Older women can't have their pension cake and eat it

Older women on a bench The introduction of the flat-rate state pension may have been heralded as a government triumph but it's upsetting a lot of women up and down the country.

The £144-a-week state pension was due to come in to force in 2017 but it has been brought forward a year to 2016 to try and placate a swathe of women approaching their 60th birthday who protested because they've had to endure two changes to their state pension age and would still have missed out on the increased state pension if it was brought in in 2017.

I can see their point; it's not fun to be told you have to work for longer and see your state pension age and retirement edge further away.

By bringing the flat-rate pension in a year earlier 85,000 women receive the more generous payment of £144-a-week but the fate of tens of thousand of women who were born slightly earlier and will also just miss out on the deadline for the new scheme.

The point is there is always going to be some that miss out, that's the nature of the cliff-edge system that the government has put in place. Part of me can't help but feel that the women affected are arguing to have it both ways. They may have seen their pension age increase but many are still retiring before 65 but these pre-65 retirement dates mean they don't receive the £144-a-week pension.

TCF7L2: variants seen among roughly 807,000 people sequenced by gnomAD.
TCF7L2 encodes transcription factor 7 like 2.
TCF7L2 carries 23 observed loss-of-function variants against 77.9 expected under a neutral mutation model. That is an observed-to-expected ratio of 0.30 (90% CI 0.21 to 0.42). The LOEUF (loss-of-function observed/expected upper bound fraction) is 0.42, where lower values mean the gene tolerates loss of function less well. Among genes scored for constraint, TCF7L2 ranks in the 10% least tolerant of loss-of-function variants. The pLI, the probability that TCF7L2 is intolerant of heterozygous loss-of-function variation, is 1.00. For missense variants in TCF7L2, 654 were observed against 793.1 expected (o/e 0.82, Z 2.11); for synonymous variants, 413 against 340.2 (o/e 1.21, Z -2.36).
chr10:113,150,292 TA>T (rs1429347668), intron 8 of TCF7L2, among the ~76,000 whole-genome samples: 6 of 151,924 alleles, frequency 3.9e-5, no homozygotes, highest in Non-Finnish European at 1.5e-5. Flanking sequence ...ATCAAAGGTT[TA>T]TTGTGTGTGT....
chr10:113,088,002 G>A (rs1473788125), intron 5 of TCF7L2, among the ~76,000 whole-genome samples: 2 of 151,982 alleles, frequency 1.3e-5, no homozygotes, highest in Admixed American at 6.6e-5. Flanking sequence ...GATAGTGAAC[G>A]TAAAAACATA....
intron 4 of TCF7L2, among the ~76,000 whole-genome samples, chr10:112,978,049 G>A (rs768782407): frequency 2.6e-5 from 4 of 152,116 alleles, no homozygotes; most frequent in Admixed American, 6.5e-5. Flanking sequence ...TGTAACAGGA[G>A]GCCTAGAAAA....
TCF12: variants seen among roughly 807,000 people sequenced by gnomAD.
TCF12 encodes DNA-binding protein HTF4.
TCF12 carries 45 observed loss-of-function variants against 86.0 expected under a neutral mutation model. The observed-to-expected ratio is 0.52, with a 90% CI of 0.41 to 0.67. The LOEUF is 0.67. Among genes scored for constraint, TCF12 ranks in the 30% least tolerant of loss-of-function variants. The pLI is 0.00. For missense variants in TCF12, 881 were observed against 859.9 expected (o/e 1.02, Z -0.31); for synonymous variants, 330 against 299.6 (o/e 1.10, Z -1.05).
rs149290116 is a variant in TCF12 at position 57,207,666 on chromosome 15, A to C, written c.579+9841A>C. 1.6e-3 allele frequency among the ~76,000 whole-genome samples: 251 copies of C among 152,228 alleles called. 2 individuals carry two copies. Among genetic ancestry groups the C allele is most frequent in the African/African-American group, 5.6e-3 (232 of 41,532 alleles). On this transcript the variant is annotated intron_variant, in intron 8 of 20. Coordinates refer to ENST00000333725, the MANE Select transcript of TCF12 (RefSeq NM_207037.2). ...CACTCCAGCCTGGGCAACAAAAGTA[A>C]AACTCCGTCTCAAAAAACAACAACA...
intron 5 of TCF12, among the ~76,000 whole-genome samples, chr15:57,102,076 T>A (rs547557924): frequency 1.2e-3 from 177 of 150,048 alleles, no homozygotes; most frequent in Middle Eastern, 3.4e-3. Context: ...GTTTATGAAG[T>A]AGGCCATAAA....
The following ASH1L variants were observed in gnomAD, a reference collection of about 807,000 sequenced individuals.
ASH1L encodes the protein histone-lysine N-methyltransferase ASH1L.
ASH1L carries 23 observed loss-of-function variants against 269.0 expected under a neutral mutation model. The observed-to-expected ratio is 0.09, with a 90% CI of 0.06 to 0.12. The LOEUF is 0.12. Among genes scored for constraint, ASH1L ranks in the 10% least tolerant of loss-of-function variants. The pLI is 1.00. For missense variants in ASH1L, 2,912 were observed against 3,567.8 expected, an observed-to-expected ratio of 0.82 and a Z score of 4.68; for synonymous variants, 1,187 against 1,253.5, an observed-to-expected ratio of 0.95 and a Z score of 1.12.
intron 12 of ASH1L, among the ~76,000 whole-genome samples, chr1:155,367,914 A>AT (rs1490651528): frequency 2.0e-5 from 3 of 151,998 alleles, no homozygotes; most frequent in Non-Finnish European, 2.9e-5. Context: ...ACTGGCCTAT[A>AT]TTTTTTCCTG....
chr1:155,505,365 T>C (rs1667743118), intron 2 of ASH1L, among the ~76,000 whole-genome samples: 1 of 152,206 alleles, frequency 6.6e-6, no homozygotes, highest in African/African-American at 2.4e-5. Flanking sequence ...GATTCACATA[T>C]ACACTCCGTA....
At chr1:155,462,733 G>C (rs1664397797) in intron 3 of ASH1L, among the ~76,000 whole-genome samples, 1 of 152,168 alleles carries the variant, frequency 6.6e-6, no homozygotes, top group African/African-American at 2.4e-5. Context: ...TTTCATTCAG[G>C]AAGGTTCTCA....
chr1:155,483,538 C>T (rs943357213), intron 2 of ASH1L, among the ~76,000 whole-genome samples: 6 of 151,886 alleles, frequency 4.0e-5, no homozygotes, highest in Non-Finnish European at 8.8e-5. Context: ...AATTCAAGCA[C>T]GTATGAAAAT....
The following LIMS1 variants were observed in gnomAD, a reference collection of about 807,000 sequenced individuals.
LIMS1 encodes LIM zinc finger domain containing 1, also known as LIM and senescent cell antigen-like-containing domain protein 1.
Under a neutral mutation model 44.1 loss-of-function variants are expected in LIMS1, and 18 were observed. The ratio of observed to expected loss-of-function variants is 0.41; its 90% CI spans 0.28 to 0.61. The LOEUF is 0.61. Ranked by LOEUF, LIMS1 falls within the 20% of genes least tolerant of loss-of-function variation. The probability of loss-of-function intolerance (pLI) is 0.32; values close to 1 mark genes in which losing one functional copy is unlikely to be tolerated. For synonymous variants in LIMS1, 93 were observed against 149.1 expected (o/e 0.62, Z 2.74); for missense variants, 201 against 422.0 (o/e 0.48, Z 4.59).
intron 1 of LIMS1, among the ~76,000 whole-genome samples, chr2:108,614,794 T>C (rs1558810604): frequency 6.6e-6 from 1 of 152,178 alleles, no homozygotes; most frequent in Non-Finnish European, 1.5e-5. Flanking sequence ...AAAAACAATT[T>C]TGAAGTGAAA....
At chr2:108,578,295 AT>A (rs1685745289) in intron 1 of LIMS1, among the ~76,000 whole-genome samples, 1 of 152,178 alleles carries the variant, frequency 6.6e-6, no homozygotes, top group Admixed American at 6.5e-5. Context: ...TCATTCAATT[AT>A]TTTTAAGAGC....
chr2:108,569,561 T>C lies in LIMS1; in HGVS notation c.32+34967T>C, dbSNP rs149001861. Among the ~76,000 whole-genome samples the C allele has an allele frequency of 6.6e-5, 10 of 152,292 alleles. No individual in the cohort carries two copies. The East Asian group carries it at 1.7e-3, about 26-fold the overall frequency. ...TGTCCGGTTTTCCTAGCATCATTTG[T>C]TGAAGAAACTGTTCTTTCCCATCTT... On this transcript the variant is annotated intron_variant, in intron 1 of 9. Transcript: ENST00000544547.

I'm not sure what pension minister Steve Webb is supposed to do. If he had told the women they would have to work to 65 then he would have been in the wrong but he is still in the wrong because he has imposed a cut off for the £144-a-week pension.

These women cannot have their cake and eat it. Yes, it is painful if you just miss out on a beneficial change but unless you want to work for longer, then you have to accept the state pension under the old scheme.

Unfortunately many of the babyboomer generation feel a sense of entitlement to have their pension cake and eat it. Those reaching retirement need to understand that the system does not work for them alone, it has to balance the needs and, importantly, costs that it places on other parts of society.

The new state pension plan will put women's pensions on an equal footing with men's but it has to be expected that there will be some bumps in the road along the way.
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